The Contagion of Divorce
A recent trend in Muslim communities that is raising red flags is the alarming rate of increased divorces. Whether married for a few months or for several years, divorce is sadly becoming the initial course of action when marital difficulties surface rather than a last resort. According to a recent article featured on CNN online and on Yahoo Shine, a scientific study has shown that "divorce is a contagion that can spread through social groups like a virus, weakening the marriages closest to it." -- Retrieved July 10, 2011--(http://www.cnn.com/2010/LIVING/06/10/divorce.contagious.gore/index.html) and (http://shine.yahoo.com/channel/sex/is-divorce-contagious-1957289/)
These results are definitely something to be concerned about. While the study did not focus on religious or cultural traits of the participants, it did take a long-term look at different couples who encountered divorce for various reasons. One cannot deny that Muslim communities around the world are being hit by this "contagion" just as quickly and fiercely as non-Muslims. Yet, understanding the reasons that often lead to divorce may work as a preventive measure that could help save some marriages before they end.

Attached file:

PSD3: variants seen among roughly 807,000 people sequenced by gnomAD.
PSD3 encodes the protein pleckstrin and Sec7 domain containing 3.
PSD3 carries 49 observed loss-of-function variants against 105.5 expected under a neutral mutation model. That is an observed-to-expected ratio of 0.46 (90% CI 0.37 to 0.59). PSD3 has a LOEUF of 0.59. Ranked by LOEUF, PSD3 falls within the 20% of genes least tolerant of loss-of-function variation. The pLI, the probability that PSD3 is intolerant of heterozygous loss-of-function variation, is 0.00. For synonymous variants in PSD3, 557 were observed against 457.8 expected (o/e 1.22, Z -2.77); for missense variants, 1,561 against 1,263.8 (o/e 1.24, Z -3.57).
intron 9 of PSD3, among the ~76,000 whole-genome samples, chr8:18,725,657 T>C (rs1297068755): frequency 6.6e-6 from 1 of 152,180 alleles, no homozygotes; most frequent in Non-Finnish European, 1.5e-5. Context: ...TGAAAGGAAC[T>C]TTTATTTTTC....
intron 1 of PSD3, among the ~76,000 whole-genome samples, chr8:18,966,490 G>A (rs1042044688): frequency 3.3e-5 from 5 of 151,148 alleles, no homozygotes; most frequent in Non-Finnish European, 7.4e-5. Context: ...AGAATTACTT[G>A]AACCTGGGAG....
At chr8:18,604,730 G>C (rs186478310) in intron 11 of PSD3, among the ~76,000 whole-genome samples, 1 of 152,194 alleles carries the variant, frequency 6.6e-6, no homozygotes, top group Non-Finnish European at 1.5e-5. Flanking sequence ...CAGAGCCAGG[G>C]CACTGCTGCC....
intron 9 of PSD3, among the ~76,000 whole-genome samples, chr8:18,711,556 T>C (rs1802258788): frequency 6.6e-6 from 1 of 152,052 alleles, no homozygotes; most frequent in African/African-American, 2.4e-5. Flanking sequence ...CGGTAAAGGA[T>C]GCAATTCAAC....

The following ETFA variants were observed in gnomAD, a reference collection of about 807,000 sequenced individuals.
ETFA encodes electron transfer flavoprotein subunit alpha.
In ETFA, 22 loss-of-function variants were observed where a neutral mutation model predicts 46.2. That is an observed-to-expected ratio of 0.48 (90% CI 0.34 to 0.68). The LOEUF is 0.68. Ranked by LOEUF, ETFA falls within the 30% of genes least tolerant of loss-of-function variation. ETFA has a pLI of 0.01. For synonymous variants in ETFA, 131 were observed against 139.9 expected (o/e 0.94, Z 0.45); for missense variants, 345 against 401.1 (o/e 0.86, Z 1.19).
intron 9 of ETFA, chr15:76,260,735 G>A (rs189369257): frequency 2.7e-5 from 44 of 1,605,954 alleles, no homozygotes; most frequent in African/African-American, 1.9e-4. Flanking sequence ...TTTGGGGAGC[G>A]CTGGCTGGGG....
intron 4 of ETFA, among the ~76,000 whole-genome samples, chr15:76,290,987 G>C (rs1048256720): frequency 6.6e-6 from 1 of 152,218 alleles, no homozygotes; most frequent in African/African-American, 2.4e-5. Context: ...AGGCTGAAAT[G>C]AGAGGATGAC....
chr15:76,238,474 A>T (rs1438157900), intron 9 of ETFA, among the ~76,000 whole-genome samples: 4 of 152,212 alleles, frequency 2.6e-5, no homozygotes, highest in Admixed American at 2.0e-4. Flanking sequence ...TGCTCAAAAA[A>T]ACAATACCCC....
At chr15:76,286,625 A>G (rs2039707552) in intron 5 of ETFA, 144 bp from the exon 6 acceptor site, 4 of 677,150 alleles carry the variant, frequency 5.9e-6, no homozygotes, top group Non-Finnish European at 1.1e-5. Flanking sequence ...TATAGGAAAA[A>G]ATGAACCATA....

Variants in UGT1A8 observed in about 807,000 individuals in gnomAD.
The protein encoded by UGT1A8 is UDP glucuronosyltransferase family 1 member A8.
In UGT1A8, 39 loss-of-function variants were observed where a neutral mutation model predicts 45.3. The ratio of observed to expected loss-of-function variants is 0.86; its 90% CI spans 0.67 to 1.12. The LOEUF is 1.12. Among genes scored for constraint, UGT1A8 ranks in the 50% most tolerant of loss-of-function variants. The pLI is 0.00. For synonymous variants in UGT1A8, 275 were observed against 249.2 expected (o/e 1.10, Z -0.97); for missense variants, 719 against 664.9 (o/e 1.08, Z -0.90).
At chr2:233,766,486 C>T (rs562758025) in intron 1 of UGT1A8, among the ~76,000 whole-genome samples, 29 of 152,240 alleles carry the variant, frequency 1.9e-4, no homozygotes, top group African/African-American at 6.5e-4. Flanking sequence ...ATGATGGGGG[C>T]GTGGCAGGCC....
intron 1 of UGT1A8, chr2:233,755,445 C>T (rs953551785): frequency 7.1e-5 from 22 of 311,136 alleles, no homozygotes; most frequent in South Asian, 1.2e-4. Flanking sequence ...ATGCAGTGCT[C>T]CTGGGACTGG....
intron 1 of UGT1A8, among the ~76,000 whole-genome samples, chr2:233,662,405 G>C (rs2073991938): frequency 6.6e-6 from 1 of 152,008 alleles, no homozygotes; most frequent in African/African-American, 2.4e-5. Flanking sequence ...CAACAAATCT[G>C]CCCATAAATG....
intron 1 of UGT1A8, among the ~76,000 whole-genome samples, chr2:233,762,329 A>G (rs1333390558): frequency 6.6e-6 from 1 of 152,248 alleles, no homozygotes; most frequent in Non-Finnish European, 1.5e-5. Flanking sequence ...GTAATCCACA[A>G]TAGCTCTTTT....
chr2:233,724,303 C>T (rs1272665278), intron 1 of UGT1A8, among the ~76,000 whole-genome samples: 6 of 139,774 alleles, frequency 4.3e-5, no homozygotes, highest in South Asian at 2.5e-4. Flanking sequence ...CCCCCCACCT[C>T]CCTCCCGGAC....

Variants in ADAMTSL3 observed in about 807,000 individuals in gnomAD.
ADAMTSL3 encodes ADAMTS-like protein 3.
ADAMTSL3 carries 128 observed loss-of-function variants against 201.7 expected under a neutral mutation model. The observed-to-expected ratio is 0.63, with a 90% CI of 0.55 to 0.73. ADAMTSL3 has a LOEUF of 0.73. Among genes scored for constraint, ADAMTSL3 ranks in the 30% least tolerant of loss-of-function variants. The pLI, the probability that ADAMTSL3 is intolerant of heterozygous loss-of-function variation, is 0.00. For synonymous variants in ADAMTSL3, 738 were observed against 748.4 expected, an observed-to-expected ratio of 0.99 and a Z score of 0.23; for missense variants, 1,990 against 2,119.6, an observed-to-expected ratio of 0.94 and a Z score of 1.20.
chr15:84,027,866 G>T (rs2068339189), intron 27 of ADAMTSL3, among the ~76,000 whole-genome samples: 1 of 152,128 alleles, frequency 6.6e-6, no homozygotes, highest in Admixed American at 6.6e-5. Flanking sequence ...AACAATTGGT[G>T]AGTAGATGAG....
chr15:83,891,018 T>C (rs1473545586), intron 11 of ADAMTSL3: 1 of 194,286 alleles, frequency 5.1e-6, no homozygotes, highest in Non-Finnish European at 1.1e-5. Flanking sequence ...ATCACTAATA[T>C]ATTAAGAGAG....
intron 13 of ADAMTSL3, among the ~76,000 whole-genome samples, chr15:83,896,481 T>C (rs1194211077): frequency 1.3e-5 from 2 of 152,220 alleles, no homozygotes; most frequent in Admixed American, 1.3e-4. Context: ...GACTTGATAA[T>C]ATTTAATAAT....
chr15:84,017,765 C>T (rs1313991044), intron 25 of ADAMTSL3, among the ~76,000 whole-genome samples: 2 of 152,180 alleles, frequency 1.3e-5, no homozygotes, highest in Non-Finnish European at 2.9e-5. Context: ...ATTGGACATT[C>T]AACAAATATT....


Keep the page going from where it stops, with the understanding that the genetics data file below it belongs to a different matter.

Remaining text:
In the foreword of the book "When Muslim Marriage Fails: Divorce Chronicles and Commentaries", Dr. Mohamed Rida Beshir explains that one of the most common causes of divorce in the narratives presented in the book was: "a stark lack of communication between the spouses. They failed to communicate well before the marriage, and they failed to communicate well during the marriage. To exacerbate the problem of lack of communication, the couples in these stories often entered their lives together with two very different expectations of marriage, and unfortunately, never shared their expectations with one another. In the rare instances where communication did occur, it happened so ineffectively and in such an abrasive manner that it left the spouses feeling a great deal of resentment toward each other, resentment that festered in their hearts and ate away at their shaky marriages until they could take it no longer." (Pgs 5-6 in Ismail)